Operational Amplifier (Op-amp)

How does op-amp work? 

Op-amp is a device with positive and negative inputs, denoted by the + and – signs. The inputs are high impedance. As a result, it doesn’t cause loading. There is one output, which is low impedance.

Fig1: Basic op-amp symbol
Op-amp summing block
Fig2: Op-Amp


You are used to seeing Figure 1. You do not see Figure 2 often. It has a summing junction and an amplification block. Control theory textbooks use this diagram often, so we are using this diagram.

The summing block has positive and negative input, as in the op-amp. The summing block sums the inputs, but the input at the negative terminal is multiplied by -1. As a result, there is a difference between the two inputs, and we call op-amp a differential amplifier. This can be represented by the equation V_{err}=(V+)-(V-) .

Variable “G” is called the open-loop gain. G represents the amount by which the error signal (V_{err}) is amplified. The open-loop gain of the op-amp is very high and is in the order of hundreds of thousands. The typical value of G ranges from about 20000 to 200000. The output voltage can be represented by the equation V_{out}=G \times ((V+)-(V-)).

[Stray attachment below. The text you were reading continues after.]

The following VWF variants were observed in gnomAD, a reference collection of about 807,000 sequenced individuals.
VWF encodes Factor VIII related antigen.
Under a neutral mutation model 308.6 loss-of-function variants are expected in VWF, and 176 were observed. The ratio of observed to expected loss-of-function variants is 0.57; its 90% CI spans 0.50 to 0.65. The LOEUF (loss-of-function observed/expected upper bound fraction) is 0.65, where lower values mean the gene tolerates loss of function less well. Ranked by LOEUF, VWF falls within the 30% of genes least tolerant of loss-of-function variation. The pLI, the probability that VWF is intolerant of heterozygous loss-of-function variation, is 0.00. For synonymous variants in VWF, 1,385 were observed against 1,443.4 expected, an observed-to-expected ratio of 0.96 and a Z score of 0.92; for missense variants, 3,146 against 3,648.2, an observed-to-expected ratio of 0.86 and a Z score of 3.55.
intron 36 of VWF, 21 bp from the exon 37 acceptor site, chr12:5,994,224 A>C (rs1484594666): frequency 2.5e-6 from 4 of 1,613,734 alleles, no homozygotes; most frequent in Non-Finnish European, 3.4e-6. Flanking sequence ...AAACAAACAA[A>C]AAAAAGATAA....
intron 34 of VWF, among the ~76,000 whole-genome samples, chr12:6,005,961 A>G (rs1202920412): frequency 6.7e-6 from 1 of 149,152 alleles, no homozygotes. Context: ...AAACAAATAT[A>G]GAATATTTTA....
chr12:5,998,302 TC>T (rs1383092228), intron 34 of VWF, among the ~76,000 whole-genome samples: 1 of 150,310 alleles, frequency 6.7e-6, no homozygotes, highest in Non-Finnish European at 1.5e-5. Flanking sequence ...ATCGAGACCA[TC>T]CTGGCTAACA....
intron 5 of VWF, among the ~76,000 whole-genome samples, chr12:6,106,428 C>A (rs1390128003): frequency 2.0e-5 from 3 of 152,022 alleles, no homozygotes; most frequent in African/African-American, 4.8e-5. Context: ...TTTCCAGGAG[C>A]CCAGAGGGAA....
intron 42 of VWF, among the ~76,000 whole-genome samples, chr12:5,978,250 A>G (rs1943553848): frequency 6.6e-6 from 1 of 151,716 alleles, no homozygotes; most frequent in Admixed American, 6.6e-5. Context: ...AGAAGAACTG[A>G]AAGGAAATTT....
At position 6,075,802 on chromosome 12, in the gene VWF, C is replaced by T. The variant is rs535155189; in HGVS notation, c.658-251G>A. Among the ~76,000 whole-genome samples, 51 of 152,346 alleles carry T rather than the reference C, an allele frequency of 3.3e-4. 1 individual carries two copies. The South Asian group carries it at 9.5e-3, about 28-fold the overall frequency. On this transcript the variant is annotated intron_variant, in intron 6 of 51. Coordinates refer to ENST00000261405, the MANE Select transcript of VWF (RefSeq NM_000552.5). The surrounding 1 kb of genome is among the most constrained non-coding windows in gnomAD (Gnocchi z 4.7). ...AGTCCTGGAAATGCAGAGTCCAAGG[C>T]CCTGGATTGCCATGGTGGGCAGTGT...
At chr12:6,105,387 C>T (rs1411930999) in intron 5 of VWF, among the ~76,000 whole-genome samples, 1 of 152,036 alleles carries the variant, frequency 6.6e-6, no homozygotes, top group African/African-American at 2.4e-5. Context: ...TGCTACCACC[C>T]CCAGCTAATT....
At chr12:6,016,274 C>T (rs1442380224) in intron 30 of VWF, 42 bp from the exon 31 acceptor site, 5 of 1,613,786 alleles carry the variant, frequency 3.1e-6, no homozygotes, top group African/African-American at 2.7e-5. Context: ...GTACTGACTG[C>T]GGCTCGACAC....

Now let us take an example where V+=3volts and V-=2 volts. Take G=100000, and I have a question for you. What will be the value of V_{out}? 100000V?

Well, the output will not be 100000V. Since the sum of the two input voltages is positive, as a result, the output will become as high as possible. If the sum of two voltages had been negative, the output would be as negative as possible. This is called the railed output. For +5 \text{volt } V_{cc}, the positive railed output will be 5V, and negative railed output will be 0V. This is just an example, but you should always see the manufacturer’s datasheet for the actual practice.

This is the most important thing to remember if you want to understand op-amp. Using this basic principle, you can analyze the complicated circuit involving the op-amp. In the next post, I will teach you how to apply this principle for positive and negative feedback circuits and complicated circuits involving op-amp.

Points to Remember

  1. The input of the op-amp is high, and the output is low impedance.
  2. The output of the op-amp is always railed.
  3. Depending upon the sum of inputs, the output becomes as positive or negative as possible.